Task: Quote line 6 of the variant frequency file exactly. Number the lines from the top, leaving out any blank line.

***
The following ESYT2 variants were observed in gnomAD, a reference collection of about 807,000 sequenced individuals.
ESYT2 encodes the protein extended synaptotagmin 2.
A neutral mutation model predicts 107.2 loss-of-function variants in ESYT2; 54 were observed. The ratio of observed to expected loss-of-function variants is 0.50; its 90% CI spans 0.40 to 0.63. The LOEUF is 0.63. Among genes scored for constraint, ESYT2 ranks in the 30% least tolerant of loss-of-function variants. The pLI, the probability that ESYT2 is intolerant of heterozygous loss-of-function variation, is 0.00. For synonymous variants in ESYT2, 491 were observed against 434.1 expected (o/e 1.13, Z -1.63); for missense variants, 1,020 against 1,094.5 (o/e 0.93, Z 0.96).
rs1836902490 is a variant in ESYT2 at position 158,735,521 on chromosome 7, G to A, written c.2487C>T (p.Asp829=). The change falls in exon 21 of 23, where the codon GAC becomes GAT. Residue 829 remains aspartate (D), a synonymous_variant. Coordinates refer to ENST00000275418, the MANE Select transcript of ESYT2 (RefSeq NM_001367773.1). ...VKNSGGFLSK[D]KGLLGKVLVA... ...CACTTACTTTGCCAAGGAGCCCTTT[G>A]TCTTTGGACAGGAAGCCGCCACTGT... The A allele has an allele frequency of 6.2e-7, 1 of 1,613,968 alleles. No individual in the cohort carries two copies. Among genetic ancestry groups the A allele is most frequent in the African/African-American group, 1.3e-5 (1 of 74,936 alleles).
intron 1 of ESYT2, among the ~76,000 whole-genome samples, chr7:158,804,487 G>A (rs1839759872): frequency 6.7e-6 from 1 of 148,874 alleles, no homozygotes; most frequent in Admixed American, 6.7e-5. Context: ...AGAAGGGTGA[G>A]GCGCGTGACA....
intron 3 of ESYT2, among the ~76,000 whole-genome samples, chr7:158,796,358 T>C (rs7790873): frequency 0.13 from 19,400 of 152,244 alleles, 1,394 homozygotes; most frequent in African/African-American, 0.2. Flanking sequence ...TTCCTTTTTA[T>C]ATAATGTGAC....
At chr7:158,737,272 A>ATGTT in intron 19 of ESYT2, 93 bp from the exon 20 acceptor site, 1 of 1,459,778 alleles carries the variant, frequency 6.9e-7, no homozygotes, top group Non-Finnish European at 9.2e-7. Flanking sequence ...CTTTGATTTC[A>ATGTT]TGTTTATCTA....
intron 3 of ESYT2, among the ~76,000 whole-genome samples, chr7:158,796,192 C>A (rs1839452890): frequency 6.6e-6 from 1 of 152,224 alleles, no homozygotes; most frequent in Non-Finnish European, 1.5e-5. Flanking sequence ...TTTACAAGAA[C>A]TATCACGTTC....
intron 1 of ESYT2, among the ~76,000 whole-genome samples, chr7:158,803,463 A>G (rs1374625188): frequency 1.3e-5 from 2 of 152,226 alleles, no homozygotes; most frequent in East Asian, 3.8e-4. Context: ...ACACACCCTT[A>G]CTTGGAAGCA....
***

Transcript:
intron 3 of ESYT2, among the ~76,000 whole-genome samples, chr7:158,796,358 T>C (rs7790873): frequency 0.13 from 19,400 of 152,244 alleles, 1,394 homozygotes; most frequent in African/African-American, 0.2. Flanking sequence ...TTCCTTTTTA[T>C]ATAATGTGAC....